Baker Pamela Fitzgerald Plunkett is known for her painted flower cookies. Photo courtesy of Pamela Plunkett

Fans of local baker Pamela Fitzgerald Plunkett will be happy to hear she is back to building her own business, selling her signature painted Scottish shortbread cookies as well as layer cakes and pies.

Plunkett and her husband James closed their 6-year-old South Portland bakery, Little Bigs, in January 2019, and she went on to work as a baker at Monte’s Fine Foods on Washington Avenue in Portland. Plunkett is still associated with Monte’s, but said she has taken on more of a consulting role, trouble shooting issues for them and planning pizza-making classes.

Plunkett said she has the pandemic to blame (thank?) for the most recent shift in her career.

“Having less traffic (at Monte’s), a little more time to spend at home, I really started rethinking the way I wanted to live my life,” she said. “I’ve been schlepping 50-pound bags of flour for 30 years. I just started thinking, ‘How can I create a more peaceful life for myself?’”

She delivers her cookies, pies and cakes for free in Portland with a $50 order, and she offers shipping. She also hopes to get some of her treats into shops. Steve Quatrucci, owner of Monte’s, already buys a few dozen of her cookies every week, she said.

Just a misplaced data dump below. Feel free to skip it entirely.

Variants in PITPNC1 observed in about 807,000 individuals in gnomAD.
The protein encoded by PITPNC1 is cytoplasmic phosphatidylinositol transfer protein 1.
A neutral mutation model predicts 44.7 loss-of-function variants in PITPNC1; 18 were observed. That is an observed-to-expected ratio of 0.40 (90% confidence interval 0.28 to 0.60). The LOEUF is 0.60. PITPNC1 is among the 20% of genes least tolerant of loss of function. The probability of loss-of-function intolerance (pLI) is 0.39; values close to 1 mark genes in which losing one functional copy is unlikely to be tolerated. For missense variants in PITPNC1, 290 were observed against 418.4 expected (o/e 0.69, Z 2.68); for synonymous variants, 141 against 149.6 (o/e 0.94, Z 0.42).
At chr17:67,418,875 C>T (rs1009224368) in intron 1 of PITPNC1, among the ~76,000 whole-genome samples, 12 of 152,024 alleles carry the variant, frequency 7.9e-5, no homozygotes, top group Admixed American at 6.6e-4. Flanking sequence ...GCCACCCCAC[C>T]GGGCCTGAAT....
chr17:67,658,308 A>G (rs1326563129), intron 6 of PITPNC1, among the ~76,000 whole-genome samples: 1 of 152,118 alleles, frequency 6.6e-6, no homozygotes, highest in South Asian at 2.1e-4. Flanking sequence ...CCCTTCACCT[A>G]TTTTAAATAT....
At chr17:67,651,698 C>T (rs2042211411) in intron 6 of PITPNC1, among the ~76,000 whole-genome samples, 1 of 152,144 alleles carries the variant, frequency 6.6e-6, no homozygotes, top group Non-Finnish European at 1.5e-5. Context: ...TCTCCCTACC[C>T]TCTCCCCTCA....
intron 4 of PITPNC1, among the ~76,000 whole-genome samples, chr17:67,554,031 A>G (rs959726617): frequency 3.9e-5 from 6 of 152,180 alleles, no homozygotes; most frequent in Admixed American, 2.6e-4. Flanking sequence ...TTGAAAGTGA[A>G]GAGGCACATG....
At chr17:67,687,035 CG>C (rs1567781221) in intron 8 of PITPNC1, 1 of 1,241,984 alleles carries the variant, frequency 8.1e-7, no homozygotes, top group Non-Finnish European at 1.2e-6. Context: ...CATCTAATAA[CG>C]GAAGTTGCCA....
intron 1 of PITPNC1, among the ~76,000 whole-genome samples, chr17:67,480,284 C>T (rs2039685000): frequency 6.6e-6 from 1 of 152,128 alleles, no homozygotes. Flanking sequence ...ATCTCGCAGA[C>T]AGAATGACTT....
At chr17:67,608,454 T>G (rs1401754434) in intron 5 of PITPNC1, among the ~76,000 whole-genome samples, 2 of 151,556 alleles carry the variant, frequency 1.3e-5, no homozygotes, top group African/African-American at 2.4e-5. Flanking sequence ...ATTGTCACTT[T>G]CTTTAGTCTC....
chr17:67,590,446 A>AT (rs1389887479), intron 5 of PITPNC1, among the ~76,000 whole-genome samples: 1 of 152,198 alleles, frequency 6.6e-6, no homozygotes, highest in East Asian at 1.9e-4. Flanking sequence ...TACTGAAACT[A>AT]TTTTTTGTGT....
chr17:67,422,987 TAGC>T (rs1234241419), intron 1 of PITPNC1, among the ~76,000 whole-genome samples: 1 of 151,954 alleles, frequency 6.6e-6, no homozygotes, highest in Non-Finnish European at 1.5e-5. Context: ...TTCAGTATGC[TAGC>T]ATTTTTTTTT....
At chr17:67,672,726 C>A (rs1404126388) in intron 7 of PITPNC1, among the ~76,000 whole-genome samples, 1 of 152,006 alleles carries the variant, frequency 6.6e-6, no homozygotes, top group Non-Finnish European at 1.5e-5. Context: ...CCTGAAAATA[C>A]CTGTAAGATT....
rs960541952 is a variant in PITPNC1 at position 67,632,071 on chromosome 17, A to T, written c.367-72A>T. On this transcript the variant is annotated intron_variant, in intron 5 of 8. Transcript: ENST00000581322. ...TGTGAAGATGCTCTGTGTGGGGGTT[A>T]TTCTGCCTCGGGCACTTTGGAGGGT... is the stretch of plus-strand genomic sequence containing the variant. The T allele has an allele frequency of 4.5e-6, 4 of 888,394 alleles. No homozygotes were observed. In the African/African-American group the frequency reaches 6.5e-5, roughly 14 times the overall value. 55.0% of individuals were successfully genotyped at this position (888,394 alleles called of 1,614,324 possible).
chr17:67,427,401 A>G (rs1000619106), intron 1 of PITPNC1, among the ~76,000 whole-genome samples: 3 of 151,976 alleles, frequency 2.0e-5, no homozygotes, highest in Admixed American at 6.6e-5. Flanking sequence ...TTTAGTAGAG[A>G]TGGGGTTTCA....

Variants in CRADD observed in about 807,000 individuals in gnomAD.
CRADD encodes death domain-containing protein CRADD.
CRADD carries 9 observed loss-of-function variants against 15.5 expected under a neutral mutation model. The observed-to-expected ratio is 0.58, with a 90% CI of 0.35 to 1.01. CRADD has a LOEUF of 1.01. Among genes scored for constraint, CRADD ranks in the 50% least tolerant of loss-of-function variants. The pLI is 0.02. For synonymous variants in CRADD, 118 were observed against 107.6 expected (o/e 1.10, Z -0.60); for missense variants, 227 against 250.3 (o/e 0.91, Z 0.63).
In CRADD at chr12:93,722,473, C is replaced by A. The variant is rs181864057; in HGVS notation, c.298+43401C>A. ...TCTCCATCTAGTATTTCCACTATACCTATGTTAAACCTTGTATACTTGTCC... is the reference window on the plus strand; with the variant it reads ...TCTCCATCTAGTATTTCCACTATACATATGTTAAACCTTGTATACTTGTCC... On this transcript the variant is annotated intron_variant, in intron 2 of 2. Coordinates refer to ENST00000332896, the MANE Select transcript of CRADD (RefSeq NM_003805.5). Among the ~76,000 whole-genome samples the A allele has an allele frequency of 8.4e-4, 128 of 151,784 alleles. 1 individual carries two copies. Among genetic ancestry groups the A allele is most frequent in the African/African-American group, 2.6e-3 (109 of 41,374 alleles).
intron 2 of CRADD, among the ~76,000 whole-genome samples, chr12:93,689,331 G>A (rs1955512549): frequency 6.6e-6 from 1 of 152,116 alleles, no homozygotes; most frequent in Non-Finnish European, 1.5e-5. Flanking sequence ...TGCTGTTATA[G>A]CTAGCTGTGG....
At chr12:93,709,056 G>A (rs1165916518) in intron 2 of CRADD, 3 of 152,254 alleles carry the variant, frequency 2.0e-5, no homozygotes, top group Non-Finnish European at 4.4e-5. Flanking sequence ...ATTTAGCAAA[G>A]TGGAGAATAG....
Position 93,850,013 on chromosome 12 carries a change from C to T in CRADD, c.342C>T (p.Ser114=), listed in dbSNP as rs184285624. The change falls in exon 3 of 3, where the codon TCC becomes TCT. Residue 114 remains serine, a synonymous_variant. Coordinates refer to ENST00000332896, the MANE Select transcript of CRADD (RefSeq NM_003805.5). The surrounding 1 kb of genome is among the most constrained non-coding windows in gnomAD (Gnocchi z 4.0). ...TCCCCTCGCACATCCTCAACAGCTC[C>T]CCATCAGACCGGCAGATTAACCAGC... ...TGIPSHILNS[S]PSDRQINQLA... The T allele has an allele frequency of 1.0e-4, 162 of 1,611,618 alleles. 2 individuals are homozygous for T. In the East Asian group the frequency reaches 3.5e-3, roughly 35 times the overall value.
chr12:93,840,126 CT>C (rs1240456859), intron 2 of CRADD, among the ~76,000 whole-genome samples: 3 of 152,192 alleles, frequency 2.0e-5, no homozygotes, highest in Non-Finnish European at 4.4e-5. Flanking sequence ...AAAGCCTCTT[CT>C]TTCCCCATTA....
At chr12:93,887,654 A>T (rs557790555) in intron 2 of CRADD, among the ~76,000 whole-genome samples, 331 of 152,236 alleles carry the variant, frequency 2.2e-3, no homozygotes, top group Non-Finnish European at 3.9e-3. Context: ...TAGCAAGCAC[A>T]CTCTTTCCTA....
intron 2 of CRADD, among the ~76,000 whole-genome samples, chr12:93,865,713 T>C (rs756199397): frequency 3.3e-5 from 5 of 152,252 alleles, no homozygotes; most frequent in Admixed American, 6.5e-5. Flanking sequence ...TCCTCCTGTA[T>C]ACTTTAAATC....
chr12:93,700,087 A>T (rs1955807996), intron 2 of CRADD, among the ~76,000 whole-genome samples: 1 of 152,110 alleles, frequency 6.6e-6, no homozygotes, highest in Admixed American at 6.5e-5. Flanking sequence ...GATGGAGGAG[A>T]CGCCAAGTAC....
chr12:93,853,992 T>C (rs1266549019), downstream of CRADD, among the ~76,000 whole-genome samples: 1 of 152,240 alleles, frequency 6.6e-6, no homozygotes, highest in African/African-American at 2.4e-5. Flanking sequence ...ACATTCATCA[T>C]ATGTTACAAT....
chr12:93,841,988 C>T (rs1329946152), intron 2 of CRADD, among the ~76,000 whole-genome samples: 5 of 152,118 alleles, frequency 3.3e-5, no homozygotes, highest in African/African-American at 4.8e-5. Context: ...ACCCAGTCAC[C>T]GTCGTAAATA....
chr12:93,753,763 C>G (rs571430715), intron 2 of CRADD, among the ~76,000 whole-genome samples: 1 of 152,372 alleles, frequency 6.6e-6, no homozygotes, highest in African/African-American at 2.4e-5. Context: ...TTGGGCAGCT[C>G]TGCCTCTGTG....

A more unusual offering on her menu is pilot crackers. Plunkett was already making oyster crackers when a Little Bigs customer told her about pilot crackers and their historic importance as a staple in New England pantries. She sells them for $6 a dozen.


“I think I’m one of the only people who still makes them,” Plunkett said.

Cheese for families in need
Hannaford Supermarkets has committed to purchasing $10,000 of Maine milk for Pineland Farms Dairy to turn into 7,000 pounds of cheese for the Good Shepherd Food Bank.

The cheese will be distributed by the food bank’s Mainers Feeding Mainers program at 48 sites that are fixing meals-to-go for hungry families, 10 shelters, and 134 school pantry sites. The partnership will also help support Maine dairy farmers.

Pineland Farms staff preparing cheese for shipment to Good Shepherd Food Bank. Photo courtesy of Pineland Farms

Kristen Miale, president of Good Shepherd Food Bank, said she was “beyond ecstatic” to receive the donation.

“Before COVID, approximately 180,000 Mainers relied on our network of more than 500 partners every year and 1 in 5 Maine kids were food insecure,” she said in a statement announcing the partnership. “On a normal day, we provided more than 68,000 meals. For our neighbors already facing food insecurity, COVID means the very real danger of lost wages, further difficulty accessing enough food, and an increased reliance on the charitable food network. Add onto that the school closures and job losses, and we know that even more Mainers will be struggling.”

Pineland Farms had previously donated 25,000 pounds of cheese to Good Shepherd in partnership with the Libra Foundation and the Dairy Farmers of America.


Speaking of cheese…

Since the start of the pandemic, Maine creameries have banded together to help cheesemakers stay afloat by offering contactless delivery, more online shopping and better wholesale options.